Self-administered questionnaire were distributed to 100 undergraduate, full-time students at the selected college, in St. Lucia to assess socio-demographic characteristics, knowledge, and statements on vaccinations. Self-administered questionnaire included demographic profile and knowledge of HPV and HPV (10 items) vaccination (24 Items) Responses to items were rated using a 3-point Likert scale ranging from 3 (yes) to 1 (don’t know) point and an Opinionnaire on attitude and intention to obtain of the HPV vaccination (15 items). Responses to items were rated using a 5-point Likert scale ranging from 4 (strongly agree) to 0 (strongly disagree). Scoring and Interpretation of reliability & validity of the tool was established through test retest method. Data were analyzed using SPSS. Multivariable statistical methods were applied to identify independent predictors for HPV-vaccine uptake among participants.

Limitations of the study is that it focused on the geographical region of St. Lucia which may not necessarily be applicable to other Caribbean territories.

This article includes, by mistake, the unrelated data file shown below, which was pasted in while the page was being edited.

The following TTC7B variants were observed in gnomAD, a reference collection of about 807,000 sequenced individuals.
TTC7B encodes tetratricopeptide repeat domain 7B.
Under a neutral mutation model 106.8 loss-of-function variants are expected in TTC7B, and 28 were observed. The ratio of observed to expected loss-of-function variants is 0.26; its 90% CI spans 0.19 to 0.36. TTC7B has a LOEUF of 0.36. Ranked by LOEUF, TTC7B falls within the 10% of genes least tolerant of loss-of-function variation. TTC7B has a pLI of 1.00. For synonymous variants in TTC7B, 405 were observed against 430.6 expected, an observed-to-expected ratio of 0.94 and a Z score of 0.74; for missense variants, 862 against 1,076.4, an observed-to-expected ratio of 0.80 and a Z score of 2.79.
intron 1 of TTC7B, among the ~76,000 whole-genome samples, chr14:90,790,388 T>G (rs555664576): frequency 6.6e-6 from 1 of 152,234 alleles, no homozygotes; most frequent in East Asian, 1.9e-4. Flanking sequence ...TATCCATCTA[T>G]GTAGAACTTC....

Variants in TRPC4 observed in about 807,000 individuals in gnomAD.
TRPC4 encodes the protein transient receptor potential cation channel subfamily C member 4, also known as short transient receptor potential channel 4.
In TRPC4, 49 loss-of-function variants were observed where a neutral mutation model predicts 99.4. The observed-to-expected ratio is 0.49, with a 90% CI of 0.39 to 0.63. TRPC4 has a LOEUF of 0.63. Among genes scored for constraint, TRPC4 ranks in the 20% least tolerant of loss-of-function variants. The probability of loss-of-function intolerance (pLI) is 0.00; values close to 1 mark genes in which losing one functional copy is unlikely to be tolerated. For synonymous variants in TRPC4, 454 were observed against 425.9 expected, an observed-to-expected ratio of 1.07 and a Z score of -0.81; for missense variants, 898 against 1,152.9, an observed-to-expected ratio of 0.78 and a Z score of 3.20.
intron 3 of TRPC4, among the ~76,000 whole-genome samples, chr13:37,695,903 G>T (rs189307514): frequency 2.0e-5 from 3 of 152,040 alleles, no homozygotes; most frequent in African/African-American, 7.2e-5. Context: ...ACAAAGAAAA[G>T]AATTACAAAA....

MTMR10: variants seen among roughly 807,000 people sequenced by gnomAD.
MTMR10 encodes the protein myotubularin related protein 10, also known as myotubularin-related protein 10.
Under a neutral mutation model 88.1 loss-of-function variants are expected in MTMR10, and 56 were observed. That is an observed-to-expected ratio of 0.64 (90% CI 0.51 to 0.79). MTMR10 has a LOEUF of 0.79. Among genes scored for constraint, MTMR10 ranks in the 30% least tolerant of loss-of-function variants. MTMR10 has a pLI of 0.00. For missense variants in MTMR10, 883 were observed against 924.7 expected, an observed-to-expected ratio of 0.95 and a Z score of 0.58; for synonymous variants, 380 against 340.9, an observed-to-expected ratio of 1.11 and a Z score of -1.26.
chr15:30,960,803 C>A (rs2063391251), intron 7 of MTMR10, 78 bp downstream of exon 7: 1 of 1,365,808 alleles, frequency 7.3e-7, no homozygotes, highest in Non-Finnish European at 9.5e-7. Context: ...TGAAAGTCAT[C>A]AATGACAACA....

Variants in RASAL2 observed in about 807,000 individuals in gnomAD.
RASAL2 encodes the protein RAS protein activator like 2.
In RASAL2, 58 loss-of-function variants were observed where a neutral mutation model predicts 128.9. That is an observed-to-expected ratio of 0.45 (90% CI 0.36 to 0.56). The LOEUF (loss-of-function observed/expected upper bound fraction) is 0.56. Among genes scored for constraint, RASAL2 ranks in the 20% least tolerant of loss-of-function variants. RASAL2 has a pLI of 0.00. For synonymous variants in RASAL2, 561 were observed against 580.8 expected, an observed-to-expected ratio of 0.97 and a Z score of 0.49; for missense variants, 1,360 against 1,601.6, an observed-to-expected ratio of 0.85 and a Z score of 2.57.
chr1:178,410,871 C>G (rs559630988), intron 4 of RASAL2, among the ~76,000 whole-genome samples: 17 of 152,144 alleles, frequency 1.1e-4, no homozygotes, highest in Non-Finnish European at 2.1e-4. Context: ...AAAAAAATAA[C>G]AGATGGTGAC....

Results:

The analysis of the data was based on the research question; What is the Knowledge, attitude and intention to obtain HPV vaccination among the male and female undergraduates at the selected Community College in St. Lucia? Are there differences in knowledge, attitude and intention to obtain HPV vaccine that may impact one’s likelihood of seeking medical aid? How informed are the subjects on HPV vaccination and it effectiveness in preventing cancer (cervical, oral) at the Sir Arthur Lewis Community College in St. Lucia?

The analysis of results showed majority, 56% of respondents were of African race and 93% do not have migration background. Nearly 75% respondents had past sexual intercourse. Most of the respondents 69% were not aware of HPV vaccination, 92% of them were not vaccinated against HPV, 51% of them felt the need for vaccination while 49% not. Majority of the respondents, 92% did not have history of abnormal pap smear or HPV infection, while 54% had not heard of the virus. However 46% confined that they had heard of the virus. Nearly 51% of the respondents had heard about the HPV vaccine while, 49% did not do not.

What was interesting though was almost 50% of the respondents felt a need for vaccination and heard of the virus and HPV vaccine. High T-values were found significant in the means of knowledge of HPV (1.35+0.57), HPV (1.08+0.75), HPV Causes (0.98+0.84), HPV and gender (1.04+0.53), HPV is preventable (0.84+0.54) and HPV infection is serious (0.68+0.54). All 6 variables showed P-values much less than the significance level (p<0.05).